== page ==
Reconciliation of Additions/Disposals/Depreciation. Revaluations

24 Net Book Value The cost less the accumulated depreciation top date is called the Net Book Value. So Say Cost of $50m Accumulated Depreciation $20m Net Book Value is $30m

25 Which Method is best? Industry standards should be used.
Usually Reducing balance to assets that lose value quickly and straight line for others.

26 Consistency, Matching &Prudence
To be able to compare year against year, firms must apply the same method and rates. Clearly depreciation is a way to try to match the expenditure with the income it generates. Prudence should prevail so long as it does not totally distort the picture! In essence industry standards will be used.

27 Activity Can you have a go at this before next session.

28 Exercise 24 Lets work together

29 Financial Accounting Investments - NCA’s

30 NCA’s - Investments

31 Investments Enterprises will often acquire other companies as part of their strategy. Either vertically to control the supply chain distribution. Or horizontally to monopolies their market places.

32 Examples: Wall Mart entered the UK market by acquiring ASDA a large supermarket group. Sky bought BSB to monopolize the UK satellite industry. EBay bought Pay Pal to assist settlement for payments to buyers and sellers.

33 Subsidiaries & Associated Companies
Subsidiaries are investments where there is more than 50% ownership and control can be exercised over the company. An Associate is where there is no control and less than 50% shareholding.

34 Accounting Issues Now the only accepted method is the Purchase Method. This means that the Parent will show the book values (or if revalued then that value)of all assets and liabilities of its subsidiaries. The difference is Goodwill.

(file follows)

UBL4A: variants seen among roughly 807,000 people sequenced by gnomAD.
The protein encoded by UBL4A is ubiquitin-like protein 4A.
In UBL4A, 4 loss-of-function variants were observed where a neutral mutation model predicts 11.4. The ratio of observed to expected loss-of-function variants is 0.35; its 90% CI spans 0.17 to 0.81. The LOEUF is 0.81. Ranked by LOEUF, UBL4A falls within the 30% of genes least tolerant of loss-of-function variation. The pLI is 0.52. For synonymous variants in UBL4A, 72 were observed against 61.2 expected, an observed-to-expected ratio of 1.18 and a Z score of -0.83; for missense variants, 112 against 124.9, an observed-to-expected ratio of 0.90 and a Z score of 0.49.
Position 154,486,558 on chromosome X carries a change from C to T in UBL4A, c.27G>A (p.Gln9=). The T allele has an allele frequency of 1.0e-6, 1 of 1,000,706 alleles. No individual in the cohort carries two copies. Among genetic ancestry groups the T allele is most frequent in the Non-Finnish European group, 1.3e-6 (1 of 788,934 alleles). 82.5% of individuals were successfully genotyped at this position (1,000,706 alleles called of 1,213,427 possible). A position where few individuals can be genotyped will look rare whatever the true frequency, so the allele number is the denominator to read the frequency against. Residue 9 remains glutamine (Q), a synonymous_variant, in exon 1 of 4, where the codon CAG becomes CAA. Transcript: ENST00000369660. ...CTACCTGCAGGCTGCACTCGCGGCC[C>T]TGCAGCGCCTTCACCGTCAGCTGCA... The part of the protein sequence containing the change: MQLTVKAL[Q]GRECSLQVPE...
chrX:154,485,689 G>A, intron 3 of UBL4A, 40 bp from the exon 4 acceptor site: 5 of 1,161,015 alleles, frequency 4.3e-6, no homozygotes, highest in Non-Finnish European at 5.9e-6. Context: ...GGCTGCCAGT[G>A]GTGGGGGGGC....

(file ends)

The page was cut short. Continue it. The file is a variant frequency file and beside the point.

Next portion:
35 Goodwill The price paid for an investment over and above its net asset value.

36 Accounting Intangible NCA’s


38 Research & Development
Many companies appreciate the need to make substantial investment into research and developing new products or processes. Take a pharmaceutical company. They would spend many millions, and several years, researching and testing a new drug. How then does the matching concept affect them?

39 The difference between Research and Development
Research is to some extent speculative, while development is not. Research must be written off as an expense in the Income Statement when it is incurred. Development can be capitalized and shown as a Non Current Asset and taken forward to be matched with the expected income, so long as it meets the following criteria:


41 Compare Microsoft wants to spend $100m on developing Windows Millennium 10. SKB wants to spend $100m developing a potential cure for cancer.

42 Capitalisation of R & D Must be technically feasible.
Company must intend to complete it. Economically viable based on reasonable projections.

43 Accounting Treatments
Write it off as incurred. This takes no affect of the Matching Concept. Capitalise the investment and write it off over the expected period that will benefit from the investment. Remember prudence…. Essentially, general research should be written off immediately, but development costs can be capitalised and carried forward.

44 Goodwill This normally occurs in accounts where a company has acquired another and paid a price in excess of that companies net asset value. It can be capitalised and shown as an intangible in the Balance Sheet but should be quickly written off. Subject to an annual impairment test. “What is it now worth?”

45 Disposals of Fixed Assets
The Sale proceeds are compared to the cost less the accumulated depreciation (The net Book Value). The balance is either a profit or loss on disposal.


47 Coffee Break 14.5.1

48 Coffee Break 14.7.1

49 The End